June 2, 2022—Amateur Radio on the International Space Station (ARISS) has received schedule confirmation for an ARISS radio contact between astronauts aboard the International Space Station (ISS) and the Matinecock District Boy Scouts in Centerport, New York. ARISS conducts 60-80 of these special amateur radio contacts each year between students around the globe and crew members with ham radio licenses aboard the ISS
The Boy Scouts of Matinecock District of Suffolk County Council, Boy Scouts of America (BSA), is located in New York on Long Island, and composed of about 52 units made up of youth ages 5-18 years. In addition to teaching youth outdoor skills, the BSA also puts a strong focus on STEM initiatives in several Cub Scout and Scouts BSA activities dealing with the sciences, robotics, engineering, and exploring all aspects of life. The venue provided for this ARISS contact is the Vanderbilt Museum & Planetarium in Centerport, New York, which has hosted events during the previous year in order to foster interest in space and space exploration for the scouts. During the year leading up to this contact, the scouts have been learning through STEM-based projects about the ISS missions, and amateur radio (including morse code practice).
This will be a telebridge Contact via Amateur Radio allowing students to ask their questions of Astronaut Kjell Lindgren, amateur radio call sign KO5MOS. Local Covid-19 protocols are adhered to as applicable for each ARISS contact. The downlink frequency for this contact is 145.800 MHZ and may be heard by listeners that are within the ISS-footprint that also encompasses the telebridge station.
The ARISS amateur radio ground station (telebridge station) for this contact is in Hollis, New Hampshire, U.S.. The amateur radio volunteer team at the ground station will use the callsign AB1OC, to establish and maintain the ISS connection.
The ARISS radio contact is scheduled for June 4, 2022 at 1:56 pm EDT (New York) (17:56 UTC, 12:56 pm CDT, 11:56 am MDT, 10:56 am PDT).
As time allows, students will ask these questions:
- What do you have to study after HS in order to have a career as an Astronaut?
- Could the ISS ever be self-sustaining and not need care-packages of food/water/oxygen from Earth?
- Are ISS teams only picked based on skills, or does NASA try to match personalities as well?
- How does the ISS stay safe from all the “space junk” floating around the Earth?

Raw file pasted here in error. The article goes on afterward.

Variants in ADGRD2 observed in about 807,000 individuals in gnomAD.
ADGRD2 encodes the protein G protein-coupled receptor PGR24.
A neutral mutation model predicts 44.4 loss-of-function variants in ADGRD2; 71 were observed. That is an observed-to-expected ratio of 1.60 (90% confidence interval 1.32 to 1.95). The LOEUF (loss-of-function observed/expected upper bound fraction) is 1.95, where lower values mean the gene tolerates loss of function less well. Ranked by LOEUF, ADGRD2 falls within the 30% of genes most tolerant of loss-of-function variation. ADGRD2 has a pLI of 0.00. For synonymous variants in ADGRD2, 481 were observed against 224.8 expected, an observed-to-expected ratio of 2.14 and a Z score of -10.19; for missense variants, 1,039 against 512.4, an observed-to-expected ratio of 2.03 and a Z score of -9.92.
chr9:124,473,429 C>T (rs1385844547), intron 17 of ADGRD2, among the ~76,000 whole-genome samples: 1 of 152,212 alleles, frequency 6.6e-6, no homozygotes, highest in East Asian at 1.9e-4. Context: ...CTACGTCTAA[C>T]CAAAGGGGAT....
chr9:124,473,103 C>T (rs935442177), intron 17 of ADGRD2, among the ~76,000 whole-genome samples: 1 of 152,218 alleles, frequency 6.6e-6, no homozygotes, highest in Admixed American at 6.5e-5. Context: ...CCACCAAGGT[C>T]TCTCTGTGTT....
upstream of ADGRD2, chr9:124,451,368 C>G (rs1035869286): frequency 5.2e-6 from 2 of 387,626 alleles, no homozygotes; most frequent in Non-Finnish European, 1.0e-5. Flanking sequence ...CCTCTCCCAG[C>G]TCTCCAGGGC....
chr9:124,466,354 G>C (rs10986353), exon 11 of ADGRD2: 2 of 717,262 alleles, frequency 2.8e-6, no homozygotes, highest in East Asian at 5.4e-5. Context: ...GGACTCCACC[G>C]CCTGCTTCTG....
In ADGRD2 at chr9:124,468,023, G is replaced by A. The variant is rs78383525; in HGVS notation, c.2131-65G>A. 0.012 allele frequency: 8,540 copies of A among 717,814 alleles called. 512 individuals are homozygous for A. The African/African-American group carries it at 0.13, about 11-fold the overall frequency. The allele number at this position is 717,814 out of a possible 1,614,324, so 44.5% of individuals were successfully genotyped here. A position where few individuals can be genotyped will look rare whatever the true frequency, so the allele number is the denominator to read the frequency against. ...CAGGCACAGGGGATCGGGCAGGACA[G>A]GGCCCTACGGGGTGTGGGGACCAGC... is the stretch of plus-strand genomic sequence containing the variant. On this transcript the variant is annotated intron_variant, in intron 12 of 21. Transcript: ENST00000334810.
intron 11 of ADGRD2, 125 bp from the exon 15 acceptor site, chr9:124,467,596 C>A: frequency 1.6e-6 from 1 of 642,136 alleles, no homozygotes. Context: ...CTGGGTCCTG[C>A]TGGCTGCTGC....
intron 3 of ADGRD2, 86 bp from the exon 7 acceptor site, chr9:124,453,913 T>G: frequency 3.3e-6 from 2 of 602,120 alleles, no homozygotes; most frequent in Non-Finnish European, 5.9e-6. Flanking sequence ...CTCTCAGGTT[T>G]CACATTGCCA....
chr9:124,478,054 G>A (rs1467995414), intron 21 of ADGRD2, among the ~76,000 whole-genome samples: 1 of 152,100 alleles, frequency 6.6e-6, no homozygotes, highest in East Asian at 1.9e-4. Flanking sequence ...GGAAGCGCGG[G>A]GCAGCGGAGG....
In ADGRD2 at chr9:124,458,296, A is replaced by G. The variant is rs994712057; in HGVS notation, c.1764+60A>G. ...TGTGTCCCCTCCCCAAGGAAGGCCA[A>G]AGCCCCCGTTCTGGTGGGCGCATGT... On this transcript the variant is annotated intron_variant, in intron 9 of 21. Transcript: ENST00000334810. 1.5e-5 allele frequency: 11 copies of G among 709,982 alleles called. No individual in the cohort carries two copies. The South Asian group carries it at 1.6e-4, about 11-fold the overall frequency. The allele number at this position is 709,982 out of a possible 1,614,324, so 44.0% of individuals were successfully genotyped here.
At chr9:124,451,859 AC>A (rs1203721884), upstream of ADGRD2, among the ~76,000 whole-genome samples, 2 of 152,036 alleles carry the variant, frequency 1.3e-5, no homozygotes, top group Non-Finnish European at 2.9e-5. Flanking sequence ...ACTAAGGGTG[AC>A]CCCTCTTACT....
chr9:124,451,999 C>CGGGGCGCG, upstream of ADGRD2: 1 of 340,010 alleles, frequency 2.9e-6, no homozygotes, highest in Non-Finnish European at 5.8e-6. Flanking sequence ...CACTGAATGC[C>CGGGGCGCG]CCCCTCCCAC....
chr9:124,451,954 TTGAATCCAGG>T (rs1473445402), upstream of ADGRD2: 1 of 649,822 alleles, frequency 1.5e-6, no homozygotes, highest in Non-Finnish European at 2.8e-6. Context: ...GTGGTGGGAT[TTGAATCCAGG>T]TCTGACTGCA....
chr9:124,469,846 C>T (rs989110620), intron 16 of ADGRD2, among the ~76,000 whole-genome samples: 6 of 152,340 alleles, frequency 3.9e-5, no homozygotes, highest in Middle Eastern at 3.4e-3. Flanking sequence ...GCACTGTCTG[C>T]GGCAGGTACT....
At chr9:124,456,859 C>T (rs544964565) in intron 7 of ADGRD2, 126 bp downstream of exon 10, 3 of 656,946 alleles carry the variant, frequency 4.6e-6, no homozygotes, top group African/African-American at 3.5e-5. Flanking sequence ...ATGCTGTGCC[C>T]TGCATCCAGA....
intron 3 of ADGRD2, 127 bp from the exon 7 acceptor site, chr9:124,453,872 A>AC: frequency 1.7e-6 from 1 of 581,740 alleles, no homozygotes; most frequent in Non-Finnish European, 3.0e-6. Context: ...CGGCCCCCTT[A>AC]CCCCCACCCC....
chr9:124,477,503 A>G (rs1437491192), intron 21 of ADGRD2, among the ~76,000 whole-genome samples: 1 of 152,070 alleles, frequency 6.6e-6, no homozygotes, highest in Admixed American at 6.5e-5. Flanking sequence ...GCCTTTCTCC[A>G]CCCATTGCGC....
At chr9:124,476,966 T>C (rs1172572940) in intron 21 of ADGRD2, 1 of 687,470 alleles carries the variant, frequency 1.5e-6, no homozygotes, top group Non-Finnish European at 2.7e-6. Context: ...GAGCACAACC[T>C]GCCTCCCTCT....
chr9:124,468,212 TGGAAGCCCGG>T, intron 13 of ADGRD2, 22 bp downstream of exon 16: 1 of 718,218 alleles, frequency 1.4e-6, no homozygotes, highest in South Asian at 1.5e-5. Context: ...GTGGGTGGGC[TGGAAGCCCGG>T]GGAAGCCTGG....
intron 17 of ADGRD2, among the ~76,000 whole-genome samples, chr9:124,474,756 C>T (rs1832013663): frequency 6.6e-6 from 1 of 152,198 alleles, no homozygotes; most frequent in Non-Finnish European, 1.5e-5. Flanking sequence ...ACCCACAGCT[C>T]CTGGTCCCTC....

- Do you only do experiments in your field of expertise on the ISS or because of limited resources do you find yourself assisting others doing things you’re not as comfortable with?
- Is automated piloting better than manual piloting in terms of flight controls and docking?
- What one thing did you do as a young adult that you felt was your first significant step to becoming an astronaut?
- I’ve heard being in space can change you taste buds. Have you created any interesting or creative recipes to make space food taste better?
- How do they supply the ISS with constant oxygen?
- We saw a video of a gorilla suit prank on the ISS a few month ago. Has there been any other funny pranks?
- What jobs do you have to do on the ship?
- Do the astronauts get to bring something from home with them to space?
- I’ve heard astronauts from different countries will trade food. What country has the most popular dish on the ISS?
- In your personal opinion, what is the best and least best thing about being on the ISS?
- Can you swim in space when you’re floating?
- Can you feel the affects being in space has on your body? If so, what’s it like?
- Can you yo-yo upside down in space?
- Does the ISS have technology installed that could capture Unidentified Aerial Phenomena (UAP)like the US Navy has recently? Have you seen anything up there that you can’t explain?
- What does it feel like to go to space?
- I read that there was once water on Mars. Where did all the water go?
Amateur Radio on the International Space Station (ARISS) is a cooperative venture of international amateur radio societies and the space agencies that support the International Space Station (ISS). In the United States, sponsors are the Radio Amateur Satellite Corporation (AMSAT), the American Radio Relay League (ARRL), the ISS National Lab-Space Station Explorers, Amateur Radio Digital Communications (ARDC) and NASA’s Space communications and Navigation program. The primary goal of ARISS is to promote exploration of science, technology, engineering, the arts, and mathematics topics. ARISS does this by organizing scheduled contacts via amateur radio between crew members aboard the ISS and students. Before and during these radio contacts, students, educators, parents, and communities take part in hands-on learning activities tied to space, space technologies, and amateur radio. For more information, see www.ariss.org